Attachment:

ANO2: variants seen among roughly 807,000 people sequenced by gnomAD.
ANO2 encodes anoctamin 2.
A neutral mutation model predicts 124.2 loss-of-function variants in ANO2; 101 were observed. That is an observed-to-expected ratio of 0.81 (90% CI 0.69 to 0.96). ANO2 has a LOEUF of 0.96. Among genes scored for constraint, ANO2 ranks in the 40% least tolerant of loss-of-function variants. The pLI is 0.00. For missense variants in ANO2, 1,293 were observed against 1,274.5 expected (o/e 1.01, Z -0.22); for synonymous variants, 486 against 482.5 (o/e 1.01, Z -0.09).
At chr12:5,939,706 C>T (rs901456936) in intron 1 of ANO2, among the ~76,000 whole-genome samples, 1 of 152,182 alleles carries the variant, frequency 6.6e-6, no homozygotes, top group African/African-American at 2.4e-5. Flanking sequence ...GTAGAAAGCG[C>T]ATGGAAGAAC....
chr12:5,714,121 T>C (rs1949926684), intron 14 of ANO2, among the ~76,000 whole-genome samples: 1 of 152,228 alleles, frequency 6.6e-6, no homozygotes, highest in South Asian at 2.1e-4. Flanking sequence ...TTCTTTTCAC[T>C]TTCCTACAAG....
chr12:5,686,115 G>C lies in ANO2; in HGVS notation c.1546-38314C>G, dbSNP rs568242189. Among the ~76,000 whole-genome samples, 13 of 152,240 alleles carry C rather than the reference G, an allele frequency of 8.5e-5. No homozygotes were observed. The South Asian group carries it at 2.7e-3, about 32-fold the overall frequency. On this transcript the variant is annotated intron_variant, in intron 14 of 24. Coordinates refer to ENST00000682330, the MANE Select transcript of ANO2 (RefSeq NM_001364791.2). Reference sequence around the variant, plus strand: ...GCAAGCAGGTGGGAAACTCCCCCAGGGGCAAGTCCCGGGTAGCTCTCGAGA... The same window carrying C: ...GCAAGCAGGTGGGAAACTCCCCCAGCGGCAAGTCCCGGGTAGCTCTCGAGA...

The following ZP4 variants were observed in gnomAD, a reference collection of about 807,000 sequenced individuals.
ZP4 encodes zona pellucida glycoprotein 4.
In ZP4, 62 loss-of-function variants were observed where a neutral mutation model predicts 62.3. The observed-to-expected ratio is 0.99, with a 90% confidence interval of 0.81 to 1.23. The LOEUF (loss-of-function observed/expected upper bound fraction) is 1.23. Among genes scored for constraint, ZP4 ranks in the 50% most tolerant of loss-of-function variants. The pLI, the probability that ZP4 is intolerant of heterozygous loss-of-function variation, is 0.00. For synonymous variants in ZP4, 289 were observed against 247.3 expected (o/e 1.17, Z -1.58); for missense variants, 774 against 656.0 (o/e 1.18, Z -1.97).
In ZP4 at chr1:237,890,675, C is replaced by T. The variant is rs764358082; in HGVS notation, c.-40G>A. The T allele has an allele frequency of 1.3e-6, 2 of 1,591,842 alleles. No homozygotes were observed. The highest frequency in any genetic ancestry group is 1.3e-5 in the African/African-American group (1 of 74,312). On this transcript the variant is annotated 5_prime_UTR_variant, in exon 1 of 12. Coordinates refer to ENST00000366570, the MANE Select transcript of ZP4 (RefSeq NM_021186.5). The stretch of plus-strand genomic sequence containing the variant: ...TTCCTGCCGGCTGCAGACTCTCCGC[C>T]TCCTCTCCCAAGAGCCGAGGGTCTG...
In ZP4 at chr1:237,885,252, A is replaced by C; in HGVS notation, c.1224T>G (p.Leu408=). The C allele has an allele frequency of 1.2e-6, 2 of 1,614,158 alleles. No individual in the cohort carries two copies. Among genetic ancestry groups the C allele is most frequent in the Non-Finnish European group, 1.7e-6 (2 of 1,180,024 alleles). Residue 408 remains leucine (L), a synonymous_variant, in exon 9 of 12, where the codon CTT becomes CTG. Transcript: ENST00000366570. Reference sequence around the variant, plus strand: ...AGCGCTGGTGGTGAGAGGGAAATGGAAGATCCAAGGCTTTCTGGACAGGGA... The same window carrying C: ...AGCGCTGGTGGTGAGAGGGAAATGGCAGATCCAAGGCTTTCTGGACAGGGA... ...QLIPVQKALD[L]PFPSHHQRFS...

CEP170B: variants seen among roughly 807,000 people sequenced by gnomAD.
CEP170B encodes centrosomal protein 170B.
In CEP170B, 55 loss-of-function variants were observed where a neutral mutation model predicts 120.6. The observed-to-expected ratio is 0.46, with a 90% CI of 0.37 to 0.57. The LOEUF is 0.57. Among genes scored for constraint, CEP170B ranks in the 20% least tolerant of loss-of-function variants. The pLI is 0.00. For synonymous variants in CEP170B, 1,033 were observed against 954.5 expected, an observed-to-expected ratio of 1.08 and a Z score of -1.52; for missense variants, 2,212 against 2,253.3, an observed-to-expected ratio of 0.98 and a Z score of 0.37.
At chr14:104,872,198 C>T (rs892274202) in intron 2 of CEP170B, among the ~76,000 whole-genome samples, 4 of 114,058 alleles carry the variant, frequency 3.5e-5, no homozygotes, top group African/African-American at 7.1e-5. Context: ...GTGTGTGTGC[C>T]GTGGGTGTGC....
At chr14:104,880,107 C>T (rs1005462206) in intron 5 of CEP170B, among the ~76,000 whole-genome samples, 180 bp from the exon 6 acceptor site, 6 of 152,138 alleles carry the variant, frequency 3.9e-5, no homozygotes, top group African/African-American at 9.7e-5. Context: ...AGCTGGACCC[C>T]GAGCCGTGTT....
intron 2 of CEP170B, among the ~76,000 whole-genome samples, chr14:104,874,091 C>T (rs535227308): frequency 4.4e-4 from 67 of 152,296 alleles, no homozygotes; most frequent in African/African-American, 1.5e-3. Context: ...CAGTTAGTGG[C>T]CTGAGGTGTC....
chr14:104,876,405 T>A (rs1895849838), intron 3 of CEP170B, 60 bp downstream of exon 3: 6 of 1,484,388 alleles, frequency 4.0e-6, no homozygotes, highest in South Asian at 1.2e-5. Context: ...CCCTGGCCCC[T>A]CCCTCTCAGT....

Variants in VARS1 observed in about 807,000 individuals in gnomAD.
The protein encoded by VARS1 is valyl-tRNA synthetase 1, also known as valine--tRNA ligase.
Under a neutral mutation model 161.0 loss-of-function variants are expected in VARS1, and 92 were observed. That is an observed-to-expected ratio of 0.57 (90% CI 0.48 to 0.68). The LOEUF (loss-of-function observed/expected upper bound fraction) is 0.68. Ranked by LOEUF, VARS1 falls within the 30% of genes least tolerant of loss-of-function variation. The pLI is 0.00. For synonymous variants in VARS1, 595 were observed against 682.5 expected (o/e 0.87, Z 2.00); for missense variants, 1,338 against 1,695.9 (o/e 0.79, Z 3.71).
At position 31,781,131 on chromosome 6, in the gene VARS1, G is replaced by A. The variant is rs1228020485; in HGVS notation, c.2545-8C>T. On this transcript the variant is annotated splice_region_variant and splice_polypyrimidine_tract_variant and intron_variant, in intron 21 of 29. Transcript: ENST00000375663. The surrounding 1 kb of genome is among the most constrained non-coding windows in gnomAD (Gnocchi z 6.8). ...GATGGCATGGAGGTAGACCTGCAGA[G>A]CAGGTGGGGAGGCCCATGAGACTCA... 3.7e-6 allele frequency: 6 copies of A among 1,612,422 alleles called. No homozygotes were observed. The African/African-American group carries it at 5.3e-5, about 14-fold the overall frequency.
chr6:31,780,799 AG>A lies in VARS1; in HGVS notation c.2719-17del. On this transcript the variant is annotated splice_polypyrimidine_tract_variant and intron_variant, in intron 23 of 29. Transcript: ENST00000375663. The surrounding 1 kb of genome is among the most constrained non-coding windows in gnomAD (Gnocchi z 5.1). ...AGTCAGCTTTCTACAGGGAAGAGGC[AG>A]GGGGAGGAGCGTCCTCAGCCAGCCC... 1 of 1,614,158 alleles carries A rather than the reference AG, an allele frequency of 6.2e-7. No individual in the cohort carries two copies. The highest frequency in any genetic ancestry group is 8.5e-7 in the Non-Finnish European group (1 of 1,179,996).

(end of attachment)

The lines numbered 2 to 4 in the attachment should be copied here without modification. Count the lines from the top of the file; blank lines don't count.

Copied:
ANO2 encodes anoctamin 2.
A neutral mutation model predicts 124.2 loss-of-function variants in ANO2; 101 were observed. That is an observed-to-expected ratio of 0.81 (90% CI 0.69 to 0.96). ANO2 has a LOEUF of 0.96. Among genes scored for constraint, ANO2 ranks in the 40% least tolerant of loss-of-function variants. The pLI is 0.00. For missense variants in ANO2, 1,293 were observed against 1,274.5 expected (o/e 1.01, Z -0.22); for synonymous variants, 486 against 482.5 (o/e 1.01, Z -0.09).
At chr12:5,939,706 C>T (rs901456936) in intron 1 of ANO2, among the ~76,000 whole-genome samples, 1 of 152,182 alleles carries the variant, frequency 6.6e-6, no homozygotes, top group African/African-American at 2.4e-5. Flanking sequence ...GTAGAAAGCG[C>T]ATGGAAGAAC....